Recessive Mutations
Bird Tracks

   The following mutations are all "autosomal recessive". That means that they aren't attached to an X chromosome, but they yield to the dominant normal (which is the normal grey):

  • Pied
  • Whiteface
  • Fallow
  • Silver
  • Pastelface

   You can figure out recessive mutations very similarly to the way you figure out sex-linked mutations. Here's an example of two normal grey birds. Both are split to whiteface. We write this as wN, the w=whiteface, the N=normal. You can also think of N as meaning nothing. Since it is the dominant trait, if a bird carries it, it will override the recessive. Generally, we use lowercase letters to represent recessive genes, and capital letters to represent dominant genes.

X X wN X YwN

   Now, we can cross the wN the same way as the sex-linked: using the FOIL method.

X X wN X Y wN
ww wN

   Notice how we calculated it *slightly* different. Autosomal recessives should be calculated by themselves before you do the regular Punnett Square. Since they are not dependent upon the X chromosome, each value we calculated above can be used for each mutation we use. That is:

X X wN X Y wN
XX ww, wN, or NN XX ww, wN, or NN
XY ww, wN, or NN XY ww, wN, or NN

   See? So you can't predict if males and females will be any of the recessive mutations. Both females and males have an equal chance of being a whiteface, split to whiteface, or normal. According to our earlier Punnet Square for the whiteface mutation (in which both birds were split to whiteface), we had a 25% chance of getting a whiteface, 50% chance of split to whiteface, and 25% of normal. You cannot tell if a bird is split to a mutation just by looking at him, with the exception of pied. In the pied mutation, there will be a few yellow feathers at the back of the bird's neck (it is pretty obvious).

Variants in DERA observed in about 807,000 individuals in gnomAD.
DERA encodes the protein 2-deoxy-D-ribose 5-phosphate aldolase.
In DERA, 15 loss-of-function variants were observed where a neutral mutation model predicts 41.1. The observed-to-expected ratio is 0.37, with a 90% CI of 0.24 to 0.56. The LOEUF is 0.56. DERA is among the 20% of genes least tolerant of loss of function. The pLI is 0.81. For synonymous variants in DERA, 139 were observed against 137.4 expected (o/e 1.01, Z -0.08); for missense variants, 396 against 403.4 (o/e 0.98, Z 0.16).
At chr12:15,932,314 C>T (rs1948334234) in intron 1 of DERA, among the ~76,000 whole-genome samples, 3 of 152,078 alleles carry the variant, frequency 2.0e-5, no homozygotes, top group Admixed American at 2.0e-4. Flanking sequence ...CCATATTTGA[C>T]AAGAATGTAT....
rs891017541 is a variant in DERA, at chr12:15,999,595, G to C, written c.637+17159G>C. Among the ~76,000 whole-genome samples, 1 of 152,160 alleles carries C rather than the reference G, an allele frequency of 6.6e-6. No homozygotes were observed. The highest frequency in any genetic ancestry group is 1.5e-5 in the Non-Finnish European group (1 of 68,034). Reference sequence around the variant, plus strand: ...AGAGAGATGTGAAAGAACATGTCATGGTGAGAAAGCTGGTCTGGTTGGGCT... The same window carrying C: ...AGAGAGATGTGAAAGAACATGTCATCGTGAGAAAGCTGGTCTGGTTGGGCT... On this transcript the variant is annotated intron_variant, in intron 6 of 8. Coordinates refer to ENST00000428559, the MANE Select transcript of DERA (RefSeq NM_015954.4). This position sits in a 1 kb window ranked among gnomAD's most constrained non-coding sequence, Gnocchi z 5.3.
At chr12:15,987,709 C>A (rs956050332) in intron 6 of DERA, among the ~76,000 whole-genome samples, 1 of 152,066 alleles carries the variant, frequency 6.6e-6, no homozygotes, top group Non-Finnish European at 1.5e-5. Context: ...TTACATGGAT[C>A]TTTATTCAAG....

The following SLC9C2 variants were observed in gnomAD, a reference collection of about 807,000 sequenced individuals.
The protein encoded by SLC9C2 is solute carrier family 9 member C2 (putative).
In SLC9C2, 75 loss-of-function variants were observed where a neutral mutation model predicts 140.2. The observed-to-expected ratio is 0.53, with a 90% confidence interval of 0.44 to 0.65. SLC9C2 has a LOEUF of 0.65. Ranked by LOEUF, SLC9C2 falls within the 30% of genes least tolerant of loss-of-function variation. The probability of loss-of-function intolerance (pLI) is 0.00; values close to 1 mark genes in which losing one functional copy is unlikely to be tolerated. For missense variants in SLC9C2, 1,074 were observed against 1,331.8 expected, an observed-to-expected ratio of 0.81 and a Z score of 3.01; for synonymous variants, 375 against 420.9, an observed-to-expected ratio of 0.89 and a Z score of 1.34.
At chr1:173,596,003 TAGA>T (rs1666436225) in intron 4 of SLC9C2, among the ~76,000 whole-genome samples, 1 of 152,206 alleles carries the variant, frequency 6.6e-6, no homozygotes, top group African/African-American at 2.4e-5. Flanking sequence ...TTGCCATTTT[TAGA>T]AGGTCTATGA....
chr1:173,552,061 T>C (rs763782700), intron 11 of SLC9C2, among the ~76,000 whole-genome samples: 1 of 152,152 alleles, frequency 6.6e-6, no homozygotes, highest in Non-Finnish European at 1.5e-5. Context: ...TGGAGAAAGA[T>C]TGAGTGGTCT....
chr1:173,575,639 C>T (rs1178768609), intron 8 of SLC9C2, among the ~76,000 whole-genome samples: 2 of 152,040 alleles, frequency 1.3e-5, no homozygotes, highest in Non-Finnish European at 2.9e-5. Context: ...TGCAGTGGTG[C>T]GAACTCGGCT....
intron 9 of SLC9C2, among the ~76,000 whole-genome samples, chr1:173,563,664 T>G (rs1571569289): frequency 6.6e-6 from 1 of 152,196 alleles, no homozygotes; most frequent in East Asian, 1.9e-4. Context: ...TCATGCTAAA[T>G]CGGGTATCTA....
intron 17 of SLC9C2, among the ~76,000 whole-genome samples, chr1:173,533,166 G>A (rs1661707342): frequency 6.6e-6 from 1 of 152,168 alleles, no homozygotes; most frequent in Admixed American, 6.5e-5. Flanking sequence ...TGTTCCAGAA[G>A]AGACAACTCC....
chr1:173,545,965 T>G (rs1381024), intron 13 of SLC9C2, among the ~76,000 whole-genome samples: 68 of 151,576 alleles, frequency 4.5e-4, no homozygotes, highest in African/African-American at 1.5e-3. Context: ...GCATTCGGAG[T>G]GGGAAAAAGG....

Let's do an example with the pied mutation. We'll use a hen that is a visual pied, and a cock that is split to pied (although again, we could switch it around, and it would still turn out the same). I use the abbreviation pd for pied. The hen would be pdpd and the male would be pdN.

X X pdN X Y pdpd
pdpd pdN
pdpd pdN

   So, half of their offspring would be visual pieds, the other half would be split to pied. You can use this method for any of the recessive mutations.

   Now try it with two different recessive mutations. We'll use fallow (f) and whiteface (w). One bird will be split to both whiteface and fallow, the other will be split to whiteface and a visual fallow. Got it? This gets a lot more complicated. :)

wN fN wN ff
ww fN wN fN wN fN NN fN
ww ff wN ff wN ff NN ff
ww ff wN ff wN ff NN ff
ww fN wN fN wN fN NN fN

   Wasn't that fun? Did you follow that? You do the FOIL theorem for the first set, which would be the whiteface gene in this example. Then you do the FOIL theorem for the second set, and combine them! There are 16 combinations if you do it right. Fiddle with it and see if you come up with the same thing!